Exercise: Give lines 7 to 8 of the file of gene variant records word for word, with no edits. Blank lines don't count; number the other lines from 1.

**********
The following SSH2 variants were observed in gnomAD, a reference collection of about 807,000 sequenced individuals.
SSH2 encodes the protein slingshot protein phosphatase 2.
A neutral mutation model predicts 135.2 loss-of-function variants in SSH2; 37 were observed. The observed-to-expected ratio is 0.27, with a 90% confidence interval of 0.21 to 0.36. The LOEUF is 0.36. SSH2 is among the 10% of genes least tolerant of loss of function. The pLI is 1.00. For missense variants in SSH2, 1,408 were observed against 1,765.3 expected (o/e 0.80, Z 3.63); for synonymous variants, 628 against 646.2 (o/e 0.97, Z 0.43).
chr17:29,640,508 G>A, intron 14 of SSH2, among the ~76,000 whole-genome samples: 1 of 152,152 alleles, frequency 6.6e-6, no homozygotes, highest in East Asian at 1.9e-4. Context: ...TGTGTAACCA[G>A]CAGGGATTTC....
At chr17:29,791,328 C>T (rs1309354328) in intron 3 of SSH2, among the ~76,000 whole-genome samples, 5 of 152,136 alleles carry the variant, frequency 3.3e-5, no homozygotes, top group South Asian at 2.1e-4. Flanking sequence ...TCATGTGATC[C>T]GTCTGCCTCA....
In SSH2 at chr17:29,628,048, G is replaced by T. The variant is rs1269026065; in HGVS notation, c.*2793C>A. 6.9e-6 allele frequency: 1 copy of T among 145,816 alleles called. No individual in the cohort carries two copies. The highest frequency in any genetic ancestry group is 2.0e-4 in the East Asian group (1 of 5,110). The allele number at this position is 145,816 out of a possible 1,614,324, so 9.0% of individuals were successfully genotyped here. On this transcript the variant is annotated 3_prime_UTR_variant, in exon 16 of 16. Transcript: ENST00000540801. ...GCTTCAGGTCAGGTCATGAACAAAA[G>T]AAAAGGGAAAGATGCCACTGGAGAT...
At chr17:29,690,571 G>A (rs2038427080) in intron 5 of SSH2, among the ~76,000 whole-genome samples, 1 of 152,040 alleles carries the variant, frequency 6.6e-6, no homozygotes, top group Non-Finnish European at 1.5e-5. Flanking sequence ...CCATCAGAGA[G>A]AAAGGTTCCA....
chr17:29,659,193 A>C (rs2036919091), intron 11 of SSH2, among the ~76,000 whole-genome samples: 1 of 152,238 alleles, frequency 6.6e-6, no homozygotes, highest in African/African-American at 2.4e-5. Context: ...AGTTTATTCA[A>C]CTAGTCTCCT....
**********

At chr17:29,690,571 G>A (rs2038427080) in intron 5 of SSH2, among the ~76,000 whole-genome samples, 1 of 152,040 alleles carries the variant, frequency 6.6e-6, no homozygotes, top group Non-Finnish European at 1.5e-5. Flanking sequence ...CCATCAGAGA[G>A]AAAGGTTCCA....
chr17:29,659,193 A>C (rs2036919091), intron 11 of SSH2, among the ~76,000 whole-genome samples: 1 of 152,238 alleles, frequency 6.6e-6, no homozygotes, highest in African/African-American at 2.4e-5. Context: ...AGTTTATTCA[A>C]CTAGTCTCCT....